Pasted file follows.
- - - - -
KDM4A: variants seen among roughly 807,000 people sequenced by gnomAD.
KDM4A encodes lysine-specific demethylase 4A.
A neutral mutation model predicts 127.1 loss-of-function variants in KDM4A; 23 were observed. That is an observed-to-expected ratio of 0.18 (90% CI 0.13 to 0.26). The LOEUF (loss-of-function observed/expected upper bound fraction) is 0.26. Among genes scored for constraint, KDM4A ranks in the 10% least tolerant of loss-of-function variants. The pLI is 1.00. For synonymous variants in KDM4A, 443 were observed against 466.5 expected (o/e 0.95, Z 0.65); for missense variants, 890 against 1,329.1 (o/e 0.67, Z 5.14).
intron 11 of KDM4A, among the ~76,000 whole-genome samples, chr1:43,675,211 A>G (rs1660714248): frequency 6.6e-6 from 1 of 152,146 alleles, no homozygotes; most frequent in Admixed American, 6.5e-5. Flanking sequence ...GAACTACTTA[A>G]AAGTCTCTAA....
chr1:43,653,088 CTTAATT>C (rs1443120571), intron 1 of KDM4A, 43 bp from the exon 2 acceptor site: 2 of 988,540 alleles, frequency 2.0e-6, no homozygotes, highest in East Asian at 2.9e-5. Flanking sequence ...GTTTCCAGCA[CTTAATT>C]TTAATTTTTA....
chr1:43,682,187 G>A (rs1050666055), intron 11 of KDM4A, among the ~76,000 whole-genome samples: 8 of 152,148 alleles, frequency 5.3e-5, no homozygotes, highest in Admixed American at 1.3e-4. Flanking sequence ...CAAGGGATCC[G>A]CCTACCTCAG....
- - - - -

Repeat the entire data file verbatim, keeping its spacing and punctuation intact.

KDM4A: variants seen among roughly 807,000 people sequenced by gnomAD.
KDM4A encodes lysine-specific demethylase 4A.
A neutral mutation model predicts 127.1 loss-of-function variants in KDM4A; 23 were observed. That is an observed-to-expected ratio of 0.18 (90% CI 0.13 to 0.26). The LOEUF (loss-of-function observed/expected upper bound fraction) is 0.26. Among genes scored for constraint, KDM4A ranks in the 10% least tolerant of loss-of-function variants. The pLI is 1.00. For synonymous variants in KDM4A, 443 were observed against 466.5 expected (o/e 0.95, Z 0.65); for missense variants, 890 against 1,329.1 (o/e 0.67, Z 5.14).
intron 11 of KDM4A, among the ~76,000 whole-genome samples, chr1:43,675,211 A>G (rs1660714248): frequency 6.6e-6 from 1 of 152,146 alleles, no homozygotes; most frequent in Admixed American, 6.5e-5. Flanking sequence ...GAACTACTTA[A>G]AAGTCTCTAA....
chr1:43,653,088 CTTAATT>C (rs1443120571), intron 1 of KDM4A, 43 bp from the exon 2 acceptor site: 2 of 988,540 alleles, frequency 2.0e-6, no homozygotes, highest in East Asian at 2.9e-5. Flanking sequence ...GTTTCCAGCA[CTTAATT>C]TTAATTTTTA....
chr1:43,682,187 G>A (rs1050666055), intron 11 of KDM4A, among the ~76,000 whole-genome samples: 8 of 152,148 alleles, frequency 5.3e-5, no homozygotes, highest in Admixed American at 1.3e-4. Flanking sequence ...CAAGGGATCC[G>A]CCTACCTCAG....